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home : news : news April 15, 2014


Pay My Bill

2/13/2013 6:00:00 AM
'Crape-murder' in the landscape
By HARVIN HUDSON


It started much earlier this year for some reason. Hideous crimes being committed all over Mississippi, some in our own front yards and often right in front of our local businesses. Unfortunately, many have turned a blind eye to this ever-increasing disaster. Now is the time to put a stop to it. Help me to stop . . . Crape-Murder!

The crapemyrtle, a native of China, has been called the "Lilac of the South." The most popular flowering tree in the southern United States was introduced to the U.S. by Frenchman Andre Michaux to South Carolina around 1786.

Crapemyrtles are among the toughest, most adaptable, and showiest plants that are grown in Mississippi landscapes. They bloom all summer long in our heat. They have exfoliating bark that puts on a show in its own right during the winter.

When properly chosen and maintained, crapemyrtles generally require a minimum amount of pruning. Though some pruning may be beneficial, there is a definite right way and a definite wrong way to prune these plants, with the wrong way often referred to as "crape-murder."

The practice of "topping" is one of the worst ways to "prune" a crapemyrtle. Topping involves cutting stems back at an arbitrarily chosen height rather than pruning back to a bud, side branch, or main stem. Topping crapemyrtles results in numerous vigorous shoots originating from the top of the cut stems. This ruins the natural form of the plant, which is especially obvious in winter after leaf drop. These quick growing, succulent shoots are poorly attached. The large bloom that develops on the end of each shoot makes it top heavy, often causing the shoot to flop over or break off in strong winds.

If topping is so bad, why do so many people practice it? Often it is because it is the only way they know to do it or because it is faster to do it that way. I commonly hear "they got too big!" Often it is better to cut the plant to the ground and start over, or pull it out entirely, than to butcher it.

Most people do not realize that there are many cultivars of crapemyrtles that will fit the space where they want to grow it. There are selections that have an ultimate height range from 3 feet to 30 plus feet. One of the more popular cultivars is "Natchez." This plant makes wonderful white flowers and has beautiful red exfoliating bark. What most people do not know is that this tree's ultimate size is 25 - 30 feet. A few years after planting it, they start cutting the top out to keep it in its assigned space. If the homeowner wanted a white flowering crapemyrtle that did not get as tall as their house, they can plant the "Acoma" cultivar.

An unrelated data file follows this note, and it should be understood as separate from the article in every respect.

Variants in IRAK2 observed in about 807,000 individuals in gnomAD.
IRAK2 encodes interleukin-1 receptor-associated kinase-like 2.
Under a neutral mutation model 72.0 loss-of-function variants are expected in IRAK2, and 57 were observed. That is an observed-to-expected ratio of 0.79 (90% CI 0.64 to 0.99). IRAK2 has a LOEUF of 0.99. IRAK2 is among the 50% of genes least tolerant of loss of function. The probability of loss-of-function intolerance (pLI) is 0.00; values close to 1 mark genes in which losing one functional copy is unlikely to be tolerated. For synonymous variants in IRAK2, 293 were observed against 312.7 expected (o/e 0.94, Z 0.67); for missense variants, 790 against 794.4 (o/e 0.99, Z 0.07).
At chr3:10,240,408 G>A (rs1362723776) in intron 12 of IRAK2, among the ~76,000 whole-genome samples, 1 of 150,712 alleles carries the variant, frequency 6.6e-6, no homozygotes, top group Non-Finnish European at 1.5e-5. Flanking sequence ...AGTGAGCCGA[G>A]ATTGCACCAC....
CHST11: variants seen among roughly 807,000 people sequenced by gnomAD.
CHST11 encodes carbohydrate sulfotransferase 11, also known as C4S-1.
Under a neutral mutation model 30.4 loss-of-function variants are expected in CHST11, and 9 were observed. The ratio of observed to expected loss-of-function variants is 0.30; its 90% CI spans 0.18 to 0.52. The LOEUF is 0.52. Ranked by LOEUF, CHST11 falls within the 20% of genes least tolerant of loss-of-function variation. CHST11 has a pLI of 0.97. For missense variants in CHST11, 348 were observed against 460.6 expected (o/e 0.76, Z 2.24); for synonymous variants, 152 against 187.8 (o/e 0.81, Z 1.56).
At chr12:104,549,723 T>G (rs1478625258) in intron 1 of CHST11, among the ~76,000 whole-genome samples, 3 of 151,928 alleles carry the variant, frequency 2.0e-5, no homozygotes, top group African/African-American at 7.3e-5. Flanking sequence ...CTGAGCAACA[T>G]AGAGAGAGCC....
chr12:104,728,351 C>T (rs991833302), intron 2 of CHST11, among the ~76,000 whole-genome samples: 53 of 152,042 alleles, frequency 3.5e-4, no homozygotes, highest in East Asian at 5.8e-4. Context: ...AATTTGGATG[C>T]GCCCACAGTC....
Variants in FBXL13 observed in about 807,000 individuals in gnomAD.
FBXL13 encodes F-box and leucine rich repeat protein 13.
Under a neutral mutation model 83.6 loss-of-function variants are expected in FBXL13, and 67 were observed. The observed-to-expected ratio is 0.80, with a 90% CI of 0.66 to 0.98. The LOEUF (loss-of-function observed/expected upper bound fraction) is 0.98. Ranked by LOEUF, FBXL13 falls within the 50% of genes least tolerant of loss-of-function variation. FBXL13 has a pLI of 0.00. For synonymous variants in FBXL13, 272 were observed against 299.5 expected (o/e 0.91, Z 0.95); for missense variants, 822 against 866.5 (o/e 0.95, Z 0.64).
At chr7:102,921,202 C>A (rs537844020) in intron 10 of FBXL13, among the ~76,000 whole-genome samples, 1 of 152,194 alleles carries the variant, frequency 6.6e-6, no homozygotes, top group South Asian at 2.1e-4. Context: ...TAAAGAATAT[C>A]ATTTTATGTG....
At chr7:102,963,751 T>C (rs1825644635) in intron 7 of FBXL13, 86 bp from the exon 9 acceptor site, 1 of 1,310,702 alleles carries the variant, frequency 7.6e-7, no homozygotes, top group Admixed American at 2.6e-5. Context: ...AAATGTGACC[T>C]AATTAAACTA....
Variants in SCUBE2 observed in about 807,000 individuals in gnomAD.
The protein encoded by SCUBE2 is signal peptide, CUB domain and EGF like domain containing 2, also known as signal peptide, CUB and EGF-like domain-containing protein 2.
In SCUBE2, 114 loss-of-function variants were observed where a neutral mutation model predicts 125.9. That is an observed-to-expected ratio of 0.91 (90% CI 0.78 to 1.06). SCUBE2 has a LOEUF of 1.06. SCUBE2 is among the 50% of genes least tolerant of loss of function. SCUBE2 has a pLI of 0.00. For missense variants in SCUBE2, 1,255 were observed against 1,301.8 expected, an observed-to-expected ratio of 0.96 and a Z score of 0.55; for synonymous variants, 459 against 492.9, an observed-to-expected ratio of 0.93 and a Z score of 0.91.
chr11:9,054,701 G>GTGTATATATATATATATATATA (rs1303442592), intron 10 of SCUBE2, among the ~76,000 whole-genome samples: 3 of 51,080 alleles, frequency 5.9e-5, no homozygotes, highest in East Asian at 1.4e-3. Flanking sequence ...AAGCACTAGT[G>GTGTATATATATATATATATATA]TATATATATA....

When establishing new plantings, practice naturalistic pruning that maintains the shape and form of each unique cultivar of crapemyrtles. On young trees, thin out the trunks, leaving 3 to 5 permanents ones. Start maintenance early in the life of the plant by removing dead, diseased, broken, crossing, and rubbing branches to improve overall plant health and appearance. A well-trained crapemyrtle will not need yearly pruning so continue that practice only as needed to develop sound structure and enhance the plantís health.

Crapemyrtles are summer-blooming trees, producing flowers from new season stems. If you need to clear up past pruning mistakes or do maintenance, the proper time to prune is late winter or early spring (February - March) prior to new growth. Do not prune crapemyrtles in late summer or early fall because new shoots that grow may freeze if they fail to go fully dormant and cut surfaces will dry out and not heal properly.

Some of the prettiest crapemyrtles are old, unpruned plants that have been allowed to develop their natural form. Individual flower clusters are often smaller but the number of flower clusters is generally far greater than on over-pruned plants, plus the bloom season is extended.

Before you make a new crapemyrtle planting, check with your local extension service office for a list of crapemyrtle descriptions to determine which cultivar is the appropriate size and shape for your site.



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